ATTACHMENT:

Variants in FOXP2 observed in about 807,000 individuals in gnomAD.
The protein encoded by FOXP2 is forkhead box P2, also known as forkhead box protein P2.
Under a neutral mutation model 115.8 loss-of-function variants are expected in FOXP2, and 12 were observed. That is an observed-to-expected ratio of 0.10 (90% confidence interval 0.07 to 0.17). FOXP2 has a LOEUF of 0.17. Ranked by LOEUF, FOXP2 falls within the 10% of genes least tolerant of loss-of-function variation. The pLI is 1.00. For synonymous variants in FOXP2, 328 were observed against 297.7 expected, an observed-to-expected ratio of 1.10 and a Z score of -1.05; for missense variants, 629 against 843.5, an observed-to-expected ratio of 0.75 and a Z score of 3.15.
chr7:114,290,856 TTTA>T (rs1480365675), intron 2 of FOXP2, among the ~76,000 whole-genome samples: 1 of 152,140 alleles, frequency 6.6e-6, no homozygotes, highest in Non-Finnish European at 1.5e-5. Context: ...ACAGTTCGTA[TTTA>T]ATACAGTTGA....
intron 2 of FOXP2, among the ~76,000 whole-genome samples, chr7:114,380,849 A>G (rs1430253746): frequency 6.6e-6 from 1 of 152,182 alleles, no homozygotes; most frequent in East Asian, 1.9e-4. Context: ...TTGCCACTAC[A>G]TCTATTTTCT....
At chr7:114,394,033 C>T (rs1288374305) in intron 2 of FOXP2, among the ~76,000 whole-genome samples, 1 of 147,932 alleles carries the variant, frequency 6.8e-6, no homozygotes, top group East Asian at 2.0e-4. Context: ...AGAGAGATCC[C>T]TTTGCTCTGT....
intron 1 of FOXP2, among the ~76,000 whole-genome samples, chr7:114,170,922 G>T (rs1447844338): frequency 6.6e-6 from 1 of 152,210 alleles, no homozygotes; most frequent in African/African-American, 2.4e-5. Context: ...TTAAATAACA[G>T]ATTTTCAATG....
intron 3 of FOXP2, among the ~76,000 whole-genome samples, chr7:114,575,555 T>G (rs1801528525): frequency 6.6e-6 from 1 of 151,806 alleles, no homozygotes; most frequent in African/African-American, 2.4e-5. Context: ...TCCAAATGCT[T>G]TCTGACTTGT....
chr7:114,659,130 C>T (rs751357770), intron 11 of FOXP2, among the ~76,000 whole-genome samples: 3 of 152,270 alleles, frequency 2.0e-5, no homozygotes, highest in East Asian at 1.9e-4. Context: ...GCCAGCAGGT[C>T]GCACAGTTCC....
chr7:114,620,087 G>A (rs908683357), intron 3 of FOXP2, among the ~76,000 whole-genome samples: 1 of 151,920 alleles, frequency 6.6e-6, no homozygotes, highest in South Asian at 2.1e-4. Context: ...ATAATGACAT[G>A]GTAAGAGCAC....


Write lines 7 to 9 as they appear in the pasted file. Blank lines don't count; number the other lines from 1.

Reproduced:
intron 1 of FOXP2, among the ~76,000 whole-genome samples, chr7:114,170,922 G>T (rs1447844338): frequency 6.6e-6 from 1 of 152,210 alleles, no homozygotes; most frequent in African/African-American, 2.4e-5. Context: ...TTAAATAACA[G>T]ATTTTCAATG....
intron 3 of FOXP2, among the ~76,000 whole-genome samples, chr7:114,575,555 T>G (rs1801528525): frequency 6.6e-6 from 1 of 151,806 alleles, no homozygotes; most frequent in African/African-American, 2.4e-5. Context: ...TCCAAATGCT[T>G]TCTGACTTGT....
chr7:114,659,130 C>T (rs751357770), intron 11 of FOXP2, among the ~76,000 whole-genome samples: 3 of 152,270 alleles, frequency 2.0e-5, no homozygotes, highest in East Asian at 1.9e-4. Context: ...GCCAGCAGGT[C>T]GCACAGTTCC....